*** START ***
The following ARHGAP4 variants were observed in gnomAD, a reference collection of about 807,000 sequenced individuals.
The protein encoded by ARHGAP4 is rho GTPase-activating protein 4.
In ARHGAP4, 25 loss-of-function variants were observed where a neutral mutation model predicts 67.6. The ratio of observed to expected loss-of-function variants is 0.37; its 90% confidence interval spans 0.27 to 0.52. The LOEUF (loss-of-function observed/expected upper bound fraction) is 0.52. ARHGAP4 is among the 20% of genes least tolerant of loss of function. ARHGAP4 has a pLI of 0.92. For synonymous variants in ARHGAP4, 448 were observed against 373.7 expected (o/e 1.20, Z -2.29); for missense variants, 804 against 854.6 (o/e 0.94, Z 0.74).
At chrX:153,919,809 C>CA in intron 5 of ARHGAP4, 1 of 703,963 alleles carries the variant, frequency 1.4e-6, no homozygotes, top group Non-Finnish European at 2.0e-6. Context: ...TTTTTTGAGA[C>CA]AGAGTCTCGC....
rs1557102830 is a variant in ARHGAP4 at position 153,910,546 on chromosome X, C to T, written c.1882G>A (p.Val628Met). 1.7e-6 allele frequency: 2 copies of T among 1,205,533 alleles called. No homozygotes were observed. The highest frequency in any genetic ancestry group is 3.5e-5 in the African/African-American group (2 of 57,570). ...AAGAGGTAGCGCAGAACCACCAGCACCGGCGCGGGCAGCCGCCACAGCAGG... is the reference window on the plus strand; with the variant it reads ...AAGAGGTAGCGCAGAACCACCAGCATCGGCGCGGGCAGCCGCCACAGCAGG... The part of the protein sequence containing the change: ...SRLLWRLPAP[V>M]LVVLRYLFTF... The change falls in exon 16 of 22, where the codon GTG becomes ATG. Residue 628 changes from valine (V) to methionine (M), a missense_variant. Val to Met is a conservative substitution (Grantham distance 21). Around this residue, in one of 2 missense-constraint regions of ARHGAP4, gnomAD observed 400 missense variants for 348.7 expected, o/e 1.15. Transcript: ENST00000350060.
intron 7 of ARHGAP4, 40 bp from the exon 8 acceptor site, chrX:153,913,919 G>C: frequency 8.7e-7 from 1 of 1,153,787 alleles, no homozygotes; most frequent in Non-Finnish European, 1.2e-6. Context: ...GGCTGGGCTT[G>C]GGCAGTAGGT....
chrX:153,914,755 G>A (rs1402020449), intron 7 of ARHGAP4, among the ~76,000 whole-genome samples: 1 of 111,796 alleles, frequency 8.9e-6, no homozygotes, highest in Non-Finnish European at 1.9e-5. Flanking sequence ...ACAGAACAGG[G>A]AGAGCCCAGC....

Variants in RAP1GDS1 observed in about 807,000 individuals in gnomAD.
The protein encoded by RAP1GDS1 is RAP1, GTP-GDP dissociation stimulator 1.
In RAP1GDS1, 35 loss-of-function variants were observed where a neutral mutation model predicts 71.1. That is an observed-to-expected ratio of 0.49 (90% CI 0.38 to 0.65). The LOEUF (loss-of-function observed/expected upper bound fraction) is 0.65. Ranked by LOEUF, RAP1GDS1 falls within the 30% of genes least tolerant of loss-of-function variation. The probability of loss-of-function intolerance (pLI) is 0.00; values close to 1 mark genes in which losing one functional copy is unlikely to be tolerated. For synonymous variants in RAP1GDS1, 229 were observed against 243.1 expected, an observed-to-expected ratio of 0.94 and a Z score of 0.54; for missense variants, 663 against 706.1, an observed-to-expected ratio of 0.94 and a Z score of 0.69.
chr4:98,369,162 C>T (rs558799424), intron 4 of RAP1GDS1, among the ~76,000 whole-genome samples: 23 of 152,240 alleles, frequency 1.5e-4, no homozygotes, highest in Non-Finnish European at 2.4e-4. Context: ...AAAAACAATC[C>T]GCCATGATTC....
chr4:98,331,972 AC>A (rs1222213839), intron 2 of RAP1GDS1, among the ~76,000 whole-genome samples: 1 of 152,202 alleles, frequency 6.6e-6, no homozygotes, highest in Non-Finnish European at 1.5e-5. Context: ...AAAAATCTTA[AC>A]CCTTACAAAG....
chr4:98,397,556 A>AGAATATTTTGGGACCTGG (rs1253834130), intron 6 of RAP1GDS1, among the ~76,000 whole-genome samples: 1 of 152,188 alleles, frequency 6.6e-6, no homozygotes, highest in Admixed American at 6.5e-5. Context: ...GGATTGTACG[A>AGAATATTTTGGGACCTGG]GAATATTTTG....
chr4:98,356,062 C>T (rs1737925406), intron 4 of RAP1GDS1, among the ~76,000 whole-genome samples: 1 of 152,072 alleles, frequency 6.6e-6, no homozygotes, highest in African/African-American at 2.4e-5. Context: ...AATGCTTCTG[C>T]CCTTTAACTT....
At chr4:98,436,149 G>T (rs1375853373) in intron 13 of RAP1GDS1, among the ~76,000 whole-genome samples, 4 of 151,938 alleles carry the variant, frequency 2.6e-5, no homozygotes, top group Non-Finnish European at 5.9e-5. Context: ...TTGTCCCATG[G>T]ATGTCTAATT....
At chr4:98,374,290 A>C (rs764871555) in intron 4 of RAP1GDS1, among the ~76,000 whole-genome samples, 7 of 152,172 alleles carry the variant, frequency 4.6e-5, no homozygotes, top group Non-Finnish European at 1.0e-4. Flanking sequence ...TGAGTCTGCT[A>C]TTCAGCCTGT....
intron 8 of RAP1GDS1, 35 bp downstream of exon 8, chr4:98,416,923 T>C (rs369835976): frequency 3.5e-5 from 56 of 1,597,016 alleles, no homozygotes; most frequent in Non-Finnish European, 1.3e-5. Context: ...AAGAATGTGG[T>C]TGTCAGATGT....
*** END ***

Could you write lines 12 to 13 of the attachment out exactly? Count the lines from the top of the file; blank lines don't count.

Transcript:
chr4:98,331,972 AC>A (rs1222213839), intron 2 of RAP1GDS1, among the ~76,000 whole-genome samples: 1 of 152,202 alleles, frequency 6.6e-6, no homozygotes, highest in Non-Finnish European at 1.5e-5. Context: ...AAAAATCTTA[AC>A]CCTTACAAAG....
chr4:98,397,556 A>AGAATATTTTGGGACCTGG (rs1253834130), intron 6 of RAP1GDS1, among the ~76,000 whole-genome samples: 1 of 152,188 alleles, frequency 6.6e-6, no homozygotes, highest in Admixed American at 6.5e-5. Context: ...GGATTGTACG[A>AGAATATTTTGGGACCTGG]GAATATTTTG....